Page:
@AuManufacturing’s Saving through smarter energy use series turns to a revolution in air conditioning costs now penetrating commercial and industrial markets. Peter Roberts profiles evaporative air cooling manufacturer, Seeley International.
Many of us see refrigerated air conditioning systems as the gold standard for hot climates, with our only experience of evaporative systems those portable air coolers that gained popularity in the 1960s or simple rooftop units where air is blown over wet pads, evaporating the water and cooling the air in the process.
But one Adelaide and Albury manufacturer, Seeley International, is fast changing perceptions in commercial and industrial markets where traditional air conditioning systems can be responsible for anything between 25 and 50 per cent of energy costs.
Seeley is pioneering a unique, indirect evaporative cooling technology that not only saves energy costs, but delivers 100 per cent cooled outside air, improving indoor air quality and providing peace of mind in communities affected by the indoor transmission of the Covid-19 virus.
Commercial sales general manager Michael Hamilton told @AuManufacturing: “It is a very niche, disruptive technology.
“It is now moving into the mainstream, but we still have a way to go.”
Seeley made its name making plastic portable coolers under its Convair and Breezair brands, but its Climate Wizard harnesses heat exchanger technology that saves up to 70 per cent of energy costs and adds no humidity to the air, according to the University of California, Davis’s Energy & Efficiency Institute.
Hamilton said: “Traditional evaporative cooling works well in hot, dry climates, it has a purpose in life.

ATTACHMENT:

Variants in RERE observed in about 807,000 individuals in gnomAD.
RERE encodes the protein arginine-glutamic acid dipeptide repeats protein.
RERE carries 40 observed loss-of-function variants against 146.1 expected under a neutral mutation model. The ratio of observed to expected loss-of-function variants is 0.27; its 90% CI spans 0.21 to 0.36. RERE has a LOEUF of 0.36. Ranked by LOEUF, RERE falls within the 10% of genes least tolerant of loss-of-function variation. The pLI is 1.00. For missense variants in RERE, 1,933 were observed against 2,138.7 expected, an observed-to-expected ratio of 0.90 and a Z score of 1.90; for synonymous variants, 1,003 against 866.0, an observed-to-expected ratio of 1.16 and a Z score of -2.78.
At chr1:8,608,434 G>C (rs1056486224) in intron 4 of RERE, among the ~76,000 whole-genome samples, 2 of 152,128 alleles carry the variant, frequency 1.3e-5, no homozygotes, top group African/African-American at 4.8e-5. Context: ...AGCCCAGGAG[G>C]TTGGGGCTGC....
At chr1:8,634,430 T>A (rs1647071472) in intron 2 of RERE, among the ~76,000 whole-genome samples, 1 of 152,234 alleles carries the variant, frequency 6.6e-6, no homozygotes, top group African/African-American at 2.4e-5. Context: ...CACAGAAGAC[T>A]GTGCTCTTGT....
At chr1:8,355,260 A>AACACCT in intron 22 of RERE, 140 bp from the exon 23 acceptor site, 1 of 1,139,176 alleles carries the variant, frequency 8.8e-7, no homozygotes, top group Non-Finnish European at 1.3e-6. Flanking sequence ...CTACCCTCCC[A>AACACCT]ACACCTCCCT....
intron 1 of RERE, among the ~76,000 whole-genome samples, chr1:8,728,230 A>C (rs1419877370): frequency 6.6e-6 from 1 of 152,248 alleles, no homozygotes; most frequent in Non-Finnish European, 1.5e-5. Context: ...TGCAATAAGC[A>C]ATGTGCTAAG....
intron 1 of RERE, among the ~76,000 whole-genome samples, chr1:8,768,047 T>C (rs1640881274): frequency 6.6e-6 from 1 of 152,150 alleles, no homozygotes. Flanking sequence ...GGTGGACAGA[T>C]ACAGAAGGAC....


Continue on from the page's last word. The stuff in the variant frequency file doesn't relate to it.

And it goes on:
“But Climate Wizard uses a totally different technology from what people are familiar with.”
The heart of the Climate Wizard is a PVC pad made up of a series of alternating wet channels and dry channels.
Hot air from the outside is blown in through the dry channels, a portion of the air is supplied to the building, and the rest is returned to the air through the wet channels, where the evaporative cooling process takes place.
Heat is exchanged between the cool, wet channels and the incoming air, so no moisture is added to the air in the process.
Yesterday Seeley was awarded $1 million from the Advanced Manufacturing Growth Centre’s Commercialisation Fund for a $2.64 million project to develop a manufacturing line for an ultra-high efficiency roof top Heating Ventilation and Cooling Unit (HVAC).
Seeley manufactures its evaporative air cooling products at Lonsdale in Adelaide which specialises in plastics, while its metal Braemar heating systems and the Climate Wizard are manufactured in Albury, NSW. Seeley also manufactures in the United States.
Hamilton said using indirect evaporative cooling only, the Climate Wizard can achieve supplied air below the wet bulb temperature of the day – more than 20 degrees of cooling and the only system available internationally to do so.
Installations such as a 30,000 square metre wine barrel hall opened two years ago at Treasury Wine Estates’ Bilyara winery in the Barossa Valley (pictured below) add a further evaporative process, delivering air at a constant 12.5 degrees Celsius and 75 per cent humidity.
TWE has saved 225Kw in peak energy usage, and two million kilowatt hours of electricity with the Climate Wizard, while also reducing ‘angel’s share’ losses by evaporation from stored wine casks, and cutting the labour needed to keep them topped up.
While traditional evaporative systems were best in hot, dry climates, the Climate Wizard can operate even in humid areas such as the Golden Circle pineapple cannery in Brisbane.
One of the biggest users is the fast food industry with KFC, McDonald’s and Hungry Jacks using the system to pre-cool air before it enters the building and provide spot cooling over hot areas such as oil fryers.
Hamilton said: These franchises in the fast food industry are saving up to $1,200 a month in energy costs.
“Here we are part of the total HVAC story, and we are starting to own that space in the market.”
Pictures: Seeley International
Subscribe to our free @AuManufacturing newsletter here.
@AuManufacturing’s editorial series – Saving through smarter energy use – is brought to you with the support of SMC Corporation.